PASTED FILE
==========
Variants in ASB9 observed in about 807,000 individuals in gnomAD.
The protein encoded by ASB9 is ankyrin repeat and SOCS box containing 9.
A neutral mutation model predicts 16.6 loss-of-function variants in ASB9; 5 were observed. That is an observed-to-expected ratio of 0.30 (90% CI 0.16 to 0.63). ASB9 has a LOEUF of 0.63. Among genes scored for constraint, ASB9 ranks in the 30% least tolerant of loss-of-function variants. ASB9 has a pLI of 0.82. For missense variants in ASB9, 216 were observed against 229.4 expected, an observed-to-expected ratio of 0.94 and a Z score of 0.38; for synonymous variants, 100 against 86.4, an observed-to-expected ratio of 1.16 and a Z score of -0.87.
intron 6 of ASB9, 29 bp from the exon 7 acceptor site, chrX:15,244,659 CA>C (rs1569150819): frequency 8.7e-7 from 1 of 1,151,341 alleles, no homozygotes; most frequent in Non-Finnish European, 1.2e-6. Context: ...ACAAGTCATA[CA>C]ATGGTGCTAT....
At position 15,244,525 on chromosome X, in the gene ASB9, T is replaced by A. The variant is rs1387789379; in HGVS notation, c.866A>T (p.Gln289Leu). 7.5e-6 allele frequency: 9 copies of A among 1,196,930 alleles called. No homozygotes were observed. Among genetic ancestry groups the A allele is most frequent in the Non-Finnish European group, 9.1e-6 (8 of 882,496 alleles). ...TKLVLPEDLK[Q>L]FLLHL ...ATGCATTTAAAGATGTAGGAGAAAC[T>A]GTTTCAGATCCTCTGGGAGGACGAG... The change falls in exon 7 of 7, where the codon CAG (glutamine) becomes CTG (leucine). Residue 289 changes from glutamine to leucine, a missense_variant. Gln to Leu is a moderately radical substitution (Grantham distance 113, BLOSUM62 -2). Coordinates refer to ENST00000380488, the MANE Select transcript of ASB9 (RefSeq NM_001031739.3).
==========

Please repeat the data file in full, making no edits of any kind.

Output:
Variants in ASB9 observed in about 807,000 individuals in gnomAD.
The protein encoded by ASB9 is ankyrin repeat and SOCS box containing 9.
A neutral mutation model predicts 16.6 loss-of-function variants in ASB9; 5 were observed. That is an observed-to-expected ratio of 0.30 (90% CI 0.16 to 0.63). ASB9 has a LOEUF of 0.63. Among genes scored for constraint, ASB9 ranks in the 30% least tolerant of loss-of-function variants. ASB9 has a pLI of 0.82. For missense variants in ASB9, 216 were observed against 229.4 expected, an observed-to-expected ratio of 0.94 and a Z score of 0.38; for synonymous variants, 100 against 86.4, an observed-to-expected ratio of 1.16 and a Z score of -0.87.
intron 6 of ASB9, 29 bp from the exon 7 acceptor site, chrX:15,244,659 CA>C (rs1569150819): frequency 8.7e-7 from 1 of 1,151,341 alleles, no homozygotes; most frequent in Non-Finnish European, 1.2e-6. Context: ...ACAAGTCATA[CA>C]ATGGTGCTAT....
At position 15,244,525 on chromosome X, in the gene ASB9, T is replaced by A. The variant is rs1387789379; in HGVS notation, c.866A>T (p.Gln289Leu). 7.5e-6 allele frequency: 9 copies of A among 1,196,930 alleles called. No homozygotes were observed. Among genetic ancestry groups the A allele is most frequent in the Non-Finnish European group, 9.1e-6 (8 of 882,496 alleles). ...TKLVLPEDLK[Q>L]FLLHL ...ATGCATTTAAAGATGTAGGAGAAAC[T>A]GTTTCAGATCCTCTGGGAGGACGAG... The change falls in exon 7 of 7, where the codon CAG (glutamine) becomes CTG (leucine). Residue 289 changes from glutamine to leucine, a missense_variant. Gln to Leu is a moderately radical substitution (Grantham distance 113, BLOSUM62 -2). Coordinates refer to ENST00000380488, the MANE Select transcript of ASB9 (RefSeq NM_001031739.3).